A double-edged sword: Children’s experiences of visiting a parent in prison in Scotland

AuthorNancy Loucks,Kelly Lockwood,Tony Long,Kathryn Sharratt,Ben Raikes
Published date01 June 2022
Date01 June 2022
Subject MatterArticles
A double-edged sword:
Children’s experiences
of visiting a parent in
prison in Scotland
Kelly Lockwood and Tony Long
University of Salford, UK
Nancy Loucks
Families Outside, UK
Ben Raikes and Kathryn Sharratt
University of Huddersfield, UK
Prison visits are recognised as an important feature of a humane prison system,
providing important benefits for prisoners and their family in maintaining ties
(McCarthy and Adams, 2017). Scotland has a history of penal welfarism and a right-
based agenda in relation to visits (McCarthy and Adams, 2017); however, there is a
lack of research that focuses on visits in the context of Scottish prisons. Equally, there is
limited research that considers the perspective of children visiting a parent in custody.
This paper explores the experiences of children visiting a parent in prison in Scotland,
highlighting lessons for policy and practice.
children of prisoners, families of prisoners, visits, child-centred, Scotland
Scotland’sprison population has grown in recent years,with around 8,000 people in
custody at any time (Scottish Prison Service, 2020). Consequently, the number of
Corresponding Author:
Kelly Lockwood, University of Salford, Room 510, Allerton Building, Salford M54WT, UK.
Email: k.a.lockwood@salford.ac.uk
Probation Journal
ªThe Author(s) 2021
Article reuse guidelines:
DOI: 10.1177/02645505211025592
The Journal of Community and Criminal Justice
2022, Vol. 69(2) 159–176
families affected by a relative’s imprisonment has also increased. Each year in
Scotland around 20–27,000 children experience the imprisonment of a parent
(Scottish Government, 2017a). Contact during custodyis critical to the maintenance
of family ties, facilitating prisoner well-being, reducing prison infractions, encoura-
ging adjustment to prison life, and supporting successful resettlement (Raikes and
Lockwood, 2019; McCarthy and Adams, 2017; Woodall and Kinsella, 2017).
Despite this,the needs of families of prisonershave historically been overlooked by
policy makers in the UK (Booth, 2020; Perry, 2016; Woodall and Kinsella, 2017).
More recently the FarmerReview (2017) explored the role of prisoners’families as a
‘resettlement agency’ and a pathway to reducing re-offending. Consistent with aca-
demic research, the review noted the importance of visits for maintaining and/or
developing familyties (Farmer, 2017). However,the experience of children visiting a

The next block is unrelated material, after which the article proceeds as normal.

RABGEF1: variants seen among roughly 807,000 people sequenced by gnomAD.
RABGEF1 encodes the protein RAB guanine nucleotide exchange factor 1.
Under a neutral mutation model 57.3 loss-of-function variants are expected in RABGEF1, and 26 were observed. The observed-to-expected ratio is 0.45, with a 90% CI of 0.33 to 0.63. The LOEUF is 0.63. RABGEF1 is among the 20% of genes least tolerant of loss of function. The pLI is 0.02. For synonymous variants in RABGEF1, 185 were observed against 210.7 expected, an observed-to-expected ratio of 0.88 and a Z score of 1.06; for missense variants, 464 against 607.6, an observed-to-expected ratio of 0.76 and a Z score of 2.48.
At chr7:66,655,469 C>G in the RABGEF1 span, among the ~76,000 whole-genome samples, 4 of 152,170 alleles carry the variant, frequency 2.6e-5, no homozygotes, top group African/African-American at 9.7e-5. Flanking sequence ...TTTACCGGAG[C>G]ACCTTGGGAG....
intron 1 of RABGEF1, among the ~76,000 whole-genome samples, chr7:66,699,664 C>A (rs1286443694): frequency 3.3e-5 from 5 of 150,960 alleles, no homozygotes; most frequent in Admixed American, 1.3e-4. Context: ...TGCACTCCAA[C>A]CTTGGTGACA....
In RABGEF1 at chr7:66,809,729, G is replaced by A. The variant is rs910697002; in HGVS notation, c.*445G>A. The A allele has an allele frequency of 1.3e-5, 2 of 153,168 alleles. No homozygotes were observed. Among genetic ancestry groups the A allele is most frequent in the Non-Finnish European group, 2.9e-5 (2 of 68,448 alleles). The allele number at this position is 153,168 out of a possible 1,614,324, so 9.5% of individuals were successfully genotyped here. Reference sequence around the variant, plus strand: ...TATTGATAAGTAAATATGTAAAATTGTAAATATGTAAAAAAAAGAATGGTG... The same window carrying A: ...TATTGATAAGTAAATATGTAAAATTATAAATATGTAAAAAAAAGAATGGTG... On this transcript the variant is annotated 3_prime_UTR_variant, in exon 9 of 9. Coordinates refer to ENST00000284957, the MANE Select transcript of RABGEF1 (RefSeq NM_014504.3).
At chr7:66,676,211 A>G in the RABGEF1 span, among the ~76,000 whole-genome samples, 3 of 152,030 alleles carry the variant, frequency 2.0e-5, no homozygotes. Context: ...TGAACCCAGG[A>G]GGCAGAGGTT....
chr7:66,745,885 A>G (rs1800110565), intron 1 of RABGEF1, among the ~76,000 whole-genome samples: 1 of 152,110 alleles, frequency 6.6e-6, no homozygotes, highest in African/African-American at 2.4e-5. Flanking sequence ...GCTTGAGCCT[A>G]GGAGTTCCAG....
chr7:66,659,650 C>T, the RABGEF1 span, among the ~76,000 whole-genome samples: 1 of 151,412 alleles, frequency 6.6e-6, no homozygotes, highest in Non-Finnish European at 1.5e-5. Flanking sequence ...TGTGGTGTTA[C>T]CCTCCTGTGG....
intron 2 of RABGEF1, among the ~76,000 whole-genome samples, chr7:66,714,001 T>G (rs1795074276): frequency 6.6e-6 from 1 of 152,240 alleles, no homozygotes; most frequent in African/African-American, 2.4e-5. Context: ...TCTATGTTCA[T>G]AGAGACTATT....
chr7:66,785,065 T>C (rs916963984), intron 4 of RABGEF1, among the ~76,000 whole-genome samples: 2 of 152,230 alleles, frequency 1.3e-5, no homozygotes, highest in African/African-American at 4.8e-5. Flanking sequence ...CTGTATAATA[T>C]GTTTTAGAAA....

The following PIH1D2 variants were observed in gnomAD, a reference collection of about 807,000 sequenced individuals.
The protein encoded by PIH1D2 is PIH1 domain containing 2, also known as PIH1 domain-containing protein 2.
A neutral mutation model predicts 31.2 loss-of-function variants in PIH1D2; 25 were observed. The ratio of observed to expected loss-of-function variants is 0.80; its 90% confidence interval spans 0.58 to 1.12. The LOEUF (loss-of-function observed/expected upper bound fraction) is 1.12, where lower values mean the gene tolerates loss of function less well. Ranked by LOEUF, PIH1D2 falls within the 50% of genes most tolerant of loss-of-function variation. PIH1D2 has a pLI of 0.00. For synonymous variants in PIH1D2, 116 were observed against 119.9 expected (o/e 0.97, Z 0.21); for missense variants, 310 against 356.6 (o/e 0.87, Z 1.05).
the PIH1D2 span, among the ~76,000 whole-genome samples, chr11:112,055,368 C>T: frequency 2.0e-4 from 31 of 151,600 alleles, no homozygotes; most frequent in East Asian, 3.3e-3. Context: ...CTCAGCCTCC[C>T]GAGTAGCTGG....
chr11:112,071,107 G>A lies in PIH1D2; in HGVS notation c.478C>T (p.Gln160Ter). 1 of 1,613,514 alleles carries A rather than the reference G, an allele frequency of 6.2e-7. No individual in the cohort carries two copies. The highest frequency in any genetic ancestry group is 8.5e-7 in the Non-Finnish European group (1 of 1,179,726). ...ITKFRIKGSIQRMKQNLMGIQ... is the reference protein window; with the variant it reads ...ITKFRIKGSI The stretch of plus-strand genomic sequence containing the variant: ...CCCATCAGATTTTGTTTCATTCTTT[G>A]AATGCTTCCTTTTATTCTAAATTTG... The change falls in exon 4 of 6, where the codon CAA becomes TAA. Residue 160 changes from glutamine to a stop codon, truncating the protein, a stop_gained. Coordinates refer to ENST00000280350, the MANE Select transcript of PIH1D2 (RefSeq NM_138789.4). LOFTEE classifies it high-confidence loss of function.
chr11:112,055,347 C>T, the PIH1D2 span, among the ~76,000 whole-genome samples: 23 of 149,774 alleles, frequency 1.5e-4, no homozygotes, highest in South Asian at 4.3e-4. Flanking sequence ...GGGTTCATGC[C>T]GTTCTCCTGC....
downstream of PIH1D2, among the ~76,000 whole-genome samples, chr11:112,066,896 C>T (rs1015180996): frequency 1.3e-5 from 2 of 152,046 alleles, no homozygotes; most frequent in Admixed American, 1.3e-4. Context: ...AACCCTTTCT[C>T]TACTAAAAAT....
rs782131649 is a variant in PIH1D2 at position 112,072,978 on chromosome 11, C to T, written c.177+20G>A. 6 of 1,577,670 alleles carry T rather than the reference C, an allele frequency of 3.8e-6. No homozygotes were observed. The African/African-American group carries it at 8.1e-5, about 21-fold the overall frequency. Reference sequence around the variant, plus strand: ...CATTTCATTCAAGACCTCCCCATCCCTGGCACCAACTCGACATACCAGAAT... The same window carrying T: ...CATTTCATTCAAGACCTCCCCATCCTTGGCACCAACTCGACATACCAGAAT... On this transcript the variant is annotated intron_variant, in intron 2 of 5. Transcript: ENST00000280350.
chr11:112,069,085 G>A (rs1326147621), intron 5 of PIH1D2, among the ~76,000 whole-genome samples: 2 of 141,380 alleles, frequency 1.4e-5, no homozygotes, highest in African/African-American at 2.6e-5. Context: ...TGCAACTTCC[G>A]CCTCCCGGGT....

parent in prison is explored less in academic research. What is known about the
visiting experience has also tended to emerge frominterviews with children’s parents
and/or caregivers. Few studies have incorporated views of children themselves,
though there are exceptions (Flynn, 2014; Jones et al., 2013; Lockwood and Raikes,
2011, 2019; McGinley and Jones, 2018). Research in the UK has also largely
focused on England and Wales, with the Scottish context less well explored. With
high levels of social inequality disproportionately distributed within its prison popu-
lation (McCarthy and Adams, 2017), specific recognition of the needs and experi-
ences of children with a parent in prison in Scotland is merited as these families are
more likely to have multiple disadvantages and complex needs (Phillips and Erkanli,
2008). Equally,visitation remains challenging for manyfamilies in Scotland owing to
distance of the prison from their homes (Loucks, 2012). Drawing on a wider study
exploring the experiences of children with a parent involved in the criminal justice
system in Glasgow, this paper addresses gaps in knowledge to explore the experi-
ences of children visiting a parent in prison in Scotland.
Parents in prison and their children
Scotland has one of the highest rates of imprisonment in Europe (Scottish Centre for
Crime and Justice Research (SCCJR, 2019) and almost two-thirds of Scottish pris-
oners are parents (Howard League Scotland, 2015). Specific recognition of the
needs of children affected by parental imprisonment in Scotland is merited, as these
are often among the most complex cases encountered by child protection services
(Phillips and Erkanli, 2008).
Children of prisoners have been referred to as ‘invisible’ victims of punishment, as
the challenges they experience are often not immediately recognised (Perry, 2016;
SCCJR, 2019). They may experience a range of difficulties including behavioural
problems, anxiety, anger, confusion and depression (Flynn, 2014; Jones et al.,
2013; SCCJR, 2019); and are disproportionally represented amongst children
accessing mental health services (Phillips et al., 2002). They are known to have
higher emotional needs than their peers (Woodall and Kinsella, 2017); and can
experience symptoms indicative o f post-traumatic stress disorder (Sharratt, 2014).
160 Probation Journal 69(2)

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